Mental Health : A Major Challenge for Health Authorities
WHO in its World Health Report 2001 Mental Health: New Understanding, New Hope states that “mental health – neglected for far too long – is crucial to the overall well-being of individuals, societies and countries and must be universally regarded in a new light” .
In our review we pursued 3 objectives in order to better understand the importance of mental health disorders in a public health perspective: First, identify the prevalence of mental health disorders and its related costs; second identify WHO recommendations for action and third identify efficient interventions for mental disorders prevention and mental health promotion.
A non-exhaustive non-systematic review of the literature via two databases (Medline, and Scholar Google) and several keywords (mental health, prevalence, burden of disease, health costs, prevention, health promotion, health policy recommendations) was undertaken. We essentially focused on WHO reports, meta-analysis of systematic reviews and reviews of original studies.
Concerning the situation in Europe, Gustavsson and colleagues  reported specific disease-related economical data. They estimated costs of mental health disorders as follows: Mood disorders (depression): € 113 billion; Dementia: €105 billion; Anxiety disorders: € 66illion; Addictions: €66 billion; Psychoses: €29 billion with a significant increase in the future. Furthermore, the cost projections by Knapp et al. established for England for the years 2007 to 2026 the following evolution: Dementia: £ 14.9 / £ 34.8 billion; Anxiety disorders: £ 8.9 / £ 14.2 billion; Personality disorders: £ 7.9 / £ 12.3 billion; Depression: 7.5 /12.2 billion; Bipolar disorders: 5.2 /8.2 billion; Schizophrenia: 4.0 / 6.5 billion £ .
Mental Health, a call for action: In 2013, the 66th WHO World Health Assembly adopted the 2013-2020 Mental Health Action Plan , following the recommendations of the 65th Assembly , including the following general objectives, i.e.; “Strengthening effective leadership and governance in mental health; providing comprehensive, integrated and responsive health and social services within a community framework; implementing strategies for promotion and prevention in the field of mental health; strengthening information systems, evidence and research in the field of mental health “. These general objectives are broken down into specific measurable objectives, such as, for example: 80% of countries will have updated their mental health policies and laws by 2016; 80% of countries allocate at least 5% of state health expenditure to mental health in 2020; 80% of countries have at least two national multi-sectorial programs for mental health promotion and protection in operation by 2016 (a universal program and a program targeting vulnerable groups); by 2020, 80% of countries collect and report a minimum core of mental health indicators each year. The Action Plan is based on six cross-cutting principles: universal health coverage, respect for basic human rights, evidence-based practices, a multi-sectorial approach, attention to all life stages, empowerment of people suffering from mental disorders and psychosocial disabilities.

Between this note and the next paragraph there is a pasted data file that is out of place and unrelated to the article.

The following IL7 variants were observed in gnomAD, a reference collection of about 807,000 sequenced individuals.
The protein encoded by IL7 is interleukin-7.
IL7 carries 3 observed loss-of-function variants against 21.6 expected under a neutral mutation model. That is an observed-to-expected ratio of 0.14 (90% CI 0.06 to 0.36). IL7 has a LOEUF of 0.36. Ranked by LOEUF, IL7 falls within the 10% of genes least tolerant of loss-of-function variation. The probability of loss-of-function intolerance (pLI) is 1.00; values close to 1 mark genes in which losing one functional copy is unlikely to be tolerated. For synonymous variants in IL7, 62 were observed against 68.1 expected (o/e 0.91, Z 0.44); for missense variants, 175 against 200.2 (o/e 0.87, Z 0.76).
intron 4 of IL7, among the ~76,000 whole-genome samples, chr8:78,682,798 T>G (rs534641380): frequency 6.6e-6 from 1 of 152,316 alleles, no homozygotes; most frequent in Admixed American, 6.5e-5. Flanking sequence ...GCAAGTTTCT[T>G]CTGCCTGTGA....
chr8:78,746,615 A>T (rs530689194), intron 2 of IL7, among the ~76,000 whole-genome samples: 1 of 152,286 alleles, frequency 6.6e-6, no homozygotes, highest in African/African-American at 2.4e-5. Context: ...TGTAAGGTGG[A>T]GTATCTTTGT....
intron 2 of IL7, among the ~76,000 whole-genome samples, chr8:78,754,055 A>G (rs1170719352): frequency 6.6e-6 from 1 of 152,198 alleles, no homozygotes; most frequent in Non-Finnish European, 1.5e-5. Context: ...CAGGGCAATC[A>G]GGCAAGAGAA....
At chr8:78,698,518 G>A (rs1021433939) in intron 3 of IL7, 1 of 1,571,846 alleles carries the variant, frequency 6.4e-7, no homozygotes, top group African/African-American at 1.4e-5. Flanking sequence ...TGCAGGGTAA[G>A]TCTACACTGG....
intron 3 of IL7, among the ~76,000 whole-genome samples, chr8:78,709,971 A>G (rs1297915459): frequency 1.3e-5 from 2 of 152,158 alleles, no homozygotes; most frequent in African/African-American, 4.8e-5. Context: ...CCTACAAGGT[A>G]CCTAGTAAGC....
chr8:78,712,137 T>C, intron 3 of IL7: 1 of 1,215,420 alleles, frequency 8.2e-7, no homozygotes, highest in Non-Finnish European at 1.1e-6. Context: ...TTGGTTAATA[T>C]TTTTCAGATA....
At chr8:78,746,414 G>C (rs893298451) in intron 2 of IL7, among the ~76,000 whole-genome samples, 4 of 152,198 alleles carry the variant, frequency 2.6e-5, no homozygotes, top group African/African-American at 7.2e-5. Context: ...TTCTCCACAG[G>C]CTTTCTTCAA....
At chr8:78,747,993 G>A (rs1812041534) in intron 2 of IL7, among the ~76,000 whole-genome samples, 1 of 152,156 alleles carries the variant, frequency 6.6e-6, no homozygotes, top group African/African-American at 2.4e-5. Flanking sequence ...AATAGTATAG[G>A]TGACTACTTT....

The WHO European Regional Office has recently developed a new European strategy on mental health . It is in line with the WHO Global Action Plan 2013-2020 and the new European Health and Welfare Policy “Health 2020” . The strategy has seven general objectives, i.e.: “Everyone has an equal opportunity to realize mental well-being throughout their lifespan, particularly those who are most vulnerable or at risk ; People with mental health problems are citizens whose human rights are fully valued, respected and promoted ; Mental health services are accessible, competent and affordable, available in the community according to need ; People are entitled to respectful, safe and effective treatment ; Health systems provide good physical and mental health care for all ; Mental health systems work in well coordinated partnership with other sectors ; Mental health governance and delivery are driven by good information and knowledge”. These general objectives are also broken down into specific objectives while distributing tasks between Member States and WHO bodies.
Given the public health importance of mental health disorders and their economic impact, and in light of the health authorities’ awareness of the health issues associated with mental health disorders, one might wonder why mental health is not higher on the political agenda in many/most countries. Could it be, like some authors suggest , a lack of capacity building in the field of mental health and/or some misconception by decision makers of what mental disorders are and/or stigmatization by the population of persons with mental disorders? It seems imperative to inform thoroughly politicians, communities and society at large about the actual disease burden of mental disorders, of their important social and economic costs, but also of the possibilities to reduce this burden through effective and efficient interventions, which do exist. This means that professionals must speak up with arguments based on relevant data. Let’s mention some studies/data that can strengthen the arguments.